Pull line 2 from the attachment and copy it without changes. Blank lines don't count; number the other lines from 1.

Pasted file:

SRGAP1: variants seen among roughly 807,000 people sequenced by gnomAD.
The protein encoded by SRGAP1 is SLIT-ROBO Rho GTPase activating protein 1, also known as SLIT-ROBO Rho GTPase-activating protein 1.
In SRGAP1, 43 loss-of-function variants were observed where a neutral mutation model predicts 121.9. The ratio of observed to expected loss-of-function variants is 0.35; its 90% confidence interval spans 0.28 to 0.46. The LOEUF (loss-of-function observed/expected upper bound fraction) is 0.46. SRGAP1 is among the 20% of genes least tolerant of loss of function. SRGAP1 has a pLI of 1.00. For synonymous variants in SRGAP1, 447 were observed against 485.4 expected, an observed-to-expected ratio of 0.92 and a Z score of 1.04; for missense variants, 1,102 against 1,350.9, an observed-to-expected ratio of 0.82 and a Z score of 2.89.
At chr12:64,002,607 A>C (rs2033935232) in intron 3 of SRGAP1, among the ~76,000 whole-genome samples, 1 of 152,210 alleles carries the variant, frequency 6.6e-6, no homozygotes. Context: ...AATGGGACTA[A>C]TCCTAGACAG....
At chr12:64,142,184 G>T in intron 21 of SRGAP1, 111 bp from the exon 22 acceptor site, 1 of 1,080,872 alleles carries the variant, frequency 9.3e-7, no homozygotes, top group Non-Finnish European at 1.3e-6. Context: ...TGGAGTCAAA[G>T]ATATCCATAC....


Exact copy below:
The protein encoded by SRGAP1 is SLIT-ROBO Rho GTPase activating protein 1, also known as SLIT-ROBO Rho GTPase-activating protein 1.